We cycled 62 KM, and arrived in Wushi by 6 PM.
The first thing we did was to go to the bureau police (a different place than the traffic police station and the regular police station.)
A very friendly policemen, copied by hand, what seemed like every page of our passports.
We were told NOT to photograph anything while we were in the area.
I was glad I had taken some photos before we arrived there.
We drove around town looking for a place to eat.
We have not eaten anything beside fruit and bagels, which we bought in a roadside stand.
Lunch was tasty, although it always feels a little strange and disheartening to eat while the cooks and servers are hacking, coughing, spitting….or swatting flies.
After Wushi we loaded the bikes and drove to Kaqi.
The road meander through beautiful small villages, with people of Kyrgyzstan ethnicity.
The men wore white hats with a black inner lining folded upwards.
The women had red cheeks and the elderly women wore headscarves.
There were almost no cars, trucks or buses, only motorbikes, donkeys, horses and bicycles.
The landscape took our breath away….. It felt so idyllic…. Yet we stuck to our promise not to photograph anything.
We arrived in Akqi late and looked for a place to stay.
We had zero expectations, because small town do not have good hotels, and indeed our hotel have seen better days….
But the best suite in the place did have a king size bed with good clean white sheets and a nice comforter.
The shower was nothing to write home about…. But we managed two quick showers and walked into town.
I wanted to buy for Jules, who loves hats, one of these super cool looking Kyrgis hats.
The town in tiny, with one main road and a small amount of side market streets.
We asked around town and mimicked with our hands a hat.
We learnt that a hat is called “Mouaza” in Chinese.
But all the hats they showed us, were regular hats, and not the traditional cool ones.
Funnily enough, even though so many men wore these hats, just when we were looking to buy one, no one was wearing them, so we could not point to the correct kind of hat and explain.
A young girl, about eight years old, with blue eyes and very dirty cloths, understood what we wanted and she gave us the word for it.
Apparently we were looking for a “Kalpak.”
By now, a group of ten kids gathered around us and about five adult.
One very kind and helpful man, spoke a small amount of English.
We’ve collected an “entourage”, which followed us, trying to be helpful, as we walked around the town.
By consensus, it was agreed that there was a store selling “Kalpakas” on the second floor of a dilapidated building, but it was closed now.
It was around 10:30 PM, but this was “Beijing time.”
China, despite its huge size, does not have time zones, which means that North-Western places like Xinjiang Province, have the same time zone as the east coast of China.
Here, by 9PM, you can still wear your sunglasses.
Anyway….. We climbed to the second floor of the building, and there was a mobile phone number written on the closed door.
One of the adults called the owner, and regardless of the late hour, informed her that there were two “important” people from “Megua” (America), who came to buy hats, and that she must come.
She arrived dressed in high hills and a perfect dress, within fifteen minutes.
The store had dressy hats and clothing, for special occasions.
But we knew that with all this production, and getting her out of her home and back to the store so late, we must buy two hats.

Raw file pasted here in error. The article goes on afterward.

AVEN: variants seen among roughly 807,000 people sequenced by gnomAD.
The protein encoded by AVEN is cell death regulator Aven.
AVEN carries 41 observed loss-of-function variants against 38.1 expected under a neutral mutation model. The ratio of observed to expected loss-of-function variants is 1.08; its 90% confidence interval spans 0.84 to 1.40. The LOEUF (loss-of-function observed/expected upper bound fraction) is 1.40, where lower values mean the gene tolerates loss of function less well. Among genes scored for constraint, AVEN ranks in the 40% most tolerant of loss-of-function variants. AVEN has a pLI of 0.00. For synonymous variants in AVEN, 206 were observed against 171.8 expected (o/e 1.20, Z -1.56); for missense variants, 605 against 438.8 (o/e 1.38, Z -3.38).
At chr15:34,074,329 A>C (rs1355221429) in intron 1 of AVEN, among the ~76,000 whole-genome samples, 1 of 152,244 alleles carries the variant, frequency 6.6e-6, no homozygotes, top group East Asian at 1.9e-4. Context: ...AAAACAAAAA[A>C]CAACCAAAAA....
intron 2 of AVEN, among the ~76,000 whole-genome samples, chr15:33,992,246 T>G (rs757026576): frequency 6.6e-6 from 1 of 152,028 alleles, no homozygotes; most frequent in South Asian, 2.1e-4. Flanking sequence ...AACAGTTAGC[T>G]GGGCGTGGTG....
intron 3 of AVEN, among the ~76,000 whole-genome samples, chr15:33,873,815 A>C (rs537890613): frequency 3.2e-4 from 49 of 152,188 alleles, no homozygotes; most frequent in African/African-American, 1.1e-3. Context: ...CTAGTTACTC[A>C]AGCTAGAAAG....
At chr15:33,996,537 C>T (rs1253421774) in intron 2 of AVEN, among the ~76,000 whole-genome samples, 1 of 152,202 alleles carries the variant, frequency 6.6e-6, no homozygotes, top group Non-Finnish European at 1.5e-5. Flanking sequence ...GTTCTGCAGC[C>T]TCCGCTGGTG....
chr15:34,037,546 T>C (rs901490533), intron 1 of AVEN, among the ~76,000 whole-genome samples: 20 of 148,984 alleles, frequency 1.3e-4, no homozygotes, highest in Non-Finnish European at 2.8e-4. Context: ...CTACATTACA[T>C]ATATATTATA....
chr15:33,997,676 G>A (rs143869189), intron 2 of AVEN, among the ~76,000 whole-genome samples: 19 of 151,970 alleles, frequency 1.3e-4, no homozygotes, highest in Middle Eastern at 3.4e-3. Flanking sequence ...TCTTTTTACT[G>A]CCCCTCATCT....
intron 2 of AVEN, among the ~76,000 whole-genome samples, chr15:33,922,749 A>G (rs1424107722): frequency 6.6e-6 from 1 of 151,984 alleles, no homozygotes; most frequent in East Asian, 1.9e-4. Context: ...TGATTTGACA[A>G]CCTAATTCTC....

We bought one for me and a lovely one for Jules.
As a ‘thank you’ to everyone around, we bought some sneaker bars from a closed cabinet that she kept, (apparently they were considered to be a luxury item in this remote village), and gave them as gifts to the helpful kids.
Back on the street, we strolled around town to look for places to eat and observe the people, when a police van pulled by us and two policemen asked in Chinese, for our passports.
They pointed to their van and asked us to come with them to the police station to register.
We got into the van.
In the back seat of the van was a naked drunk man, mumbling in drunken Chinese.
They drove us to the station, where we were welcomed to a room with bank beds.
We were kindly told to seat down, as this will take awhile….
Out passports were copied from front to back, and a non uniform policeman, tried to communicate to us, that we are not suppose to stay in this town.
It was time to call Jason.
I handed the policeman the phone and they talked.
Within moments, Jason was there, politely pleading on our behalf.
Akqi, is a sensitive closed area, where no foreigners are allowed to visit, we were told.
They called for the higher officers, to come.
She was a uniformed officer with kind eyes and a warm smile.
They said that it was NOT personal, but the border area is sensitive, and they requested that we leave TONIGHT.
I pointed to the clock, hanging above the door, showing that it was closed to midnight by now…..and I asked Jason to plead and to ask if we can stay overnight in the hotel that we already checked into, if we promise to leave first thing in the morning….. Even as early as 7 am….. Before breakfast….
Jason was charming and diplomatic….
He told them we are NOT journalists, but that I am just an artist.
He asked me to show them photos of my art on my iPad.
The policeman loved my art, said that he also loves to draw and allowed us to stay for the night.
We exchanged a million thanks, shook hands and were given a ride to the door of our hotel.
We breathed a deep breath of relief, although I have to admit that I had a strong sense that we will not be forced to drive out of town at midnight, because the nearest town was 300 KM away, and they seemed so kind to us…..they even offered us food and drink (which we refused).
We thanked Jason and went to bed.
We slept well that night, in this quiet friendly town.